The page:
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Residents shocked over grave markings in Arlington Cemetery
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As Arlington National Cemetery comes under fire for unmarked and mismarked graves, local residents with loved ones buried at the Virginia site are left in awe.

"I thought it was really well kept so, this is amazing that we have come up with this," said Mary Evans of Banks County. "It's kind of hard to believe."

The cemetery still uses index cards to identify graves, and possibly up to 6,600 graves are estimated to be incorrectly marked.

Evans' daughter, Frances Lily Cline, and Cline's father, Staff Sgt. David H. Cline are both buried in the cemetery, which was established in 1864 and contains more than 330,000 graves.

Evans hasn't found out yet whether her family was involved in the cemetery's error, but she hopes to know soon.

"It makes you feel bad if it wasn't right," she said.

It took about a week for Gainesville resident Carla Claymore to get confirmation that the graves of her parents were correctly identified. Though her parents' section of the cemetery wasn't mentioned in original reports of the incident, she wanted to confirm.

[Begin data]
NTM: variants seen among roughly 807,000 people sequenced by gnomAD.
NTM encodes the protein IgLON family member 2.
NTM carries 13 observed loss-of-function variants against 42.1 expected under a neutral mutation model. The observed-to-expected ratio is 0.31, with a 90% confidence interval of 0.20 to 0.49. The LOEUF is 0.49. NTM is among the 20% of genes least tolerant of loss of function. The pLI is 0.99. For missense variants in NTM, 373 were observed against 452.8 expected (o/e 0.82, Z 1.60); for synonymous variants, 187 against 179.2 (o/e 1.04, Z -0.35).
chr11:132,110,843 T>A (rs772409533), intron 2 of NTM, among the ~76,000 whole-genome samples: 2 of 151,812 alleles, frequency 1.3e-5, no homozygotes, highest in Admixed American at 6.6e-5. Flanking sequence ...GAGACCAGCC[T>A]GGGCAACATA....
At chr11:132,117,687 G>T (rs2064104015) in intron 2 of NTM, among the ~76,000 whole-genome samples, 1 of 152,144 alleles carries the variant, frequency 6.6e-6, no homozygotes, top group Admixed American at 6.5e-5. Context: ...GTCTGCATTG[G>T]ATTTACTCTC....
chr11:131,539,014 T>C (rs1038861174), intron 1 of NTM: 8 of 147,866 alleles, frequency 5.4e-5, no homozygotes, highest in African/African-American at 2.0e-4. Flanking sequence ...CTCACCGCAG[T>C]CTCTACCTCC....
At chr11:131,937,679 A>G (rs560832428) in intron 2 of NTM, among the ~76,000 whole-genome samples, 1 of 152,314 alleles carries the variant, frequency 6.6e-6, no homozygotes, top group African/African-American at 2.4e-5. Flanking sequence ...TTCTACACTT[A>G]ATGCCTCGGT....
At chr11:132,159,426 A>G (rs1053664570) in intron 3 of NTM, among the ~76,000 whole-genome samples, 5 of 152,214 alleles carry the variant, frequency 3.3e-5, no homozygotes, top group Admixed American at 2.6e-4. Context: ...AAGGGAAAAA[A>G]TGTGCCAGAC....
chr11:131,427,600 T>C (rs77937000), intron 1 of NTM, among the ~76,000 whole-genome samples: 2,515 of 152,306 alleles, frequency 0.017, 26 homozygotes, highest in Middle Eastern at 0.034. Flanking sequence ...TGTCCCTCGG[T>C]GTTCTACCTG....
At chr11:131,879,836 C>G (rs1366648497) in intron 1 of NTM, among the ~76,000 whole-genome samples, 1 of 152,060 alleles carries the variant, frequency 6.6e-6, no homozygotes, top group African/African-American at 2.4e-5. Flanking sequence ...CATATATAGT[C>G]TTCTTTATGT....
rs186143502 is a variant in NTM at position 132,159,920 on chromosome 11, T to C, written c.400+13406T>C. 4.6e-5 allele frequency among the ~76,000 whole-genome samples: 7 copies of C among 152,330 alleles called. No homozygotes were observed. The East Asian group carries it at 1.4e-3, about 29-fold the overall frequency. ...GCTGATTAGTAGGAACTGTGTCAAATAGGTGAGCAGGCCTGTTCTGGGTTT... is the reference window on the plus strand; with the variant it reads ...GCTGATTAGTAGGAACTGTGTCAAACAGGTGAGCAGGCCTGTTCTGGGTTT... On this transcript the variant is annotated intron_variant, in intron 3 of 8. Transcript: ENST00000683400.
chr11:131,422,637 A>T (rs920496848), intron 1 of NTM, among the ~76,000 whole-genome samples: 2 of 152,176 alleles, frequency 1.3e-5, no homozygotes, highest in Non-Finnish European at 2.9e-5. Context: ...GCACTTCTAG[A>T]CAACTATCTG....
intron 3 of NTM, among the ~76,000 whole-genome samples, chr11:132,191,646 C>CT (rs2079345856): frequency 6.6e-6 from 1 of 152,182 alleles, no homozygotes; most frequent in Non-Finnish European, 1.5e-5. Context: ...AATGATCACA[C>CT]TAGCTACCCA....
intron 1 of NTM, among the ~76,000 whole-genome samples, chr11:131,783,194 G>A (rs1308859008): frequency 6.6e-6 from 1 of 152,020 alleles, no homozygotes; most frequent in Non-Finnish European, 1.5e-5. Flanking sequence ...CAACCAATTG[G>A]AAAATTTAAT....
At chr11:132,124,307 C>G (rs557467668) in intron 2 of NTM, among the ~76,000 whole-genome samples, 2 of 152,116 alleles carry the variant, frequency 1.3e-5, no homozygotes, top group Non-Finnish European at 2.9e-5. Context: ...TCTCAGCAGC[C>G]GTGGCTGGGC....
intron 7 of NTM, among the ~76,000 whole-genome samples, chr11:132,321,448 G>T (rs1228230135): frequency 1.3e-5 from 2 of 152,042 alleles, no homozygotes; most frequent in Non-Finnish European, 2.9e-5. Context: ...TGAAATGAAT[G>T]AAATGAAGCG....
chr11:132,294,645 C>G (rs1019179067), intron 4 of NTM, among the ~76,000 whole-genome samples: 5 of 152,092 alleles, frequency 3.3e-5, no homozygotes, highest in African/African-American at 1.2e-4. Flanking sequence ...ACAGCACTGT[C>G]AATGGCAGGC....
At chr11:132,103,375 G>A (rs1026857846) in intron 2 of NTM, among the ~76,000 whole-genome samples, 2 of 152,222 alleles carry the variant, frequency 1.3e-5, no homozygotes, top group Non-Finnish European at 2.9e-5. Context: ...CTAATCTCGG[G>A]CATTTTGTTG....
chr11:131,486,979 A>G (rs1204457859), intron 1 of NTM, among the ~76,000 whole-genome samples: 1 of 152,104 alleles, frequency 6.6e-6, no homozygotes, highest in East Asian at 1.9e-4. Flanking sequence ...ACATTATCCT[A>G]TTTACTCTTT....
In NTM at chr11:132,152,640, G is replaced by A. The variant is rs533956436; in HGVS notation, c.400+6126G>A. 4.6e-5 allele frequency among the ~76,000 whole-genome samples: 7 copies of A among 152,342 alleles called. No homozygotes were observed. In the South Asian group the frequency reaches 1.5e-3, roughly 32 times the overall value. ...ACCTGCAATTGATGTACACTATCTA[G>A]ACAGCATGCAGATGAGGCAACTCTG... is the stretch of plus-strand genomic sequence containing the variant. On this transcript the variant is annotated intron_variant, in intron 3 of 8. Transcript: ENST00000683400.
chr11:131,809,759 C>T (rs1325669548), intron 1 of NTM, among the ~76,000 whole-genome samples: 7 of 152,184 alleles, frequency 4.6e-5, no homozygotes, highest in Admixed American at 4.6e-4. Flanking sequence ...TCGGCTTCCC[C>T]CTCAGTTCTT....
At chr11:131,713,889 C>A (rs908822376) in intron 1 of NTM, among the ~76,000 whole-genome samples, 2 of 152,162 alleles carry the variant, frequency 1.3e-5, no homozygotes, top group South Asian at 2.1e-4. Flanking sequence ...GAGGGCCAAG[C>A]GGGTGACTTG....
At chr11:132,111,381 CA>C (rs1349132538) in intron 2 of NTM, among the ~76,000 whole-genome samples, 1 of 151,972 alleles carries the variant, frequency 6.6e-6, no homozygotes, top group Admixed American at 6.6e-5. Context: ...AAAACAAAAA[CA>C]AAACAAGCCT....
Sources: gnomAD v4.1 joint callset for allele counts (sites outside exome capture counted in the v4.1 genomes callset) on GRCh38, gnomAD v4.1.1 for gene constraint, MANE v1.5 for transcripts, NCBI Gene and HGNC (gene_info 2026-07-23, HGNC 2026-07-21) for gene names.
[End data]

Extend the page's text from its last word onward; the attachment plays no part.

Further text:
"I felt that it was my responsibility to make sure that they were taken care of at their death," Claymore said.

"I felt badly about (the possibility of a mistake)."

Claymore's father, Col. Donald C. McNair, and mother, Elizabeth Porter McNair, are both buried in the cemetery, and Claymore said she used to visit frequently when she lived closer to the site.

She said she was shocked Arlington would be a part of such a "tragic national error."

"It's always been supposedly the premier of the national cemeteries," she said. "And our experience with it during the time of burial ... was just precision."

Gainesville's Sarah Thomas also was surprised.

"I just hope the people who are having problems get it sorted out as quickly as possible," she said.

Though her parents - Bruce Kahle Gross Sr. and Ruby Frances Gross - also were not affected by the mismarked graves, she still can't believe the issue would come up.

She said employees at Arlington will often get upset if visitors get lost on their way to find a loved one's grave, thinking they haven't done their job correctly, so Thomas questions how the mismarkings could have occurred.

"I think it's horrible," she said. "I think it's careless, very careless."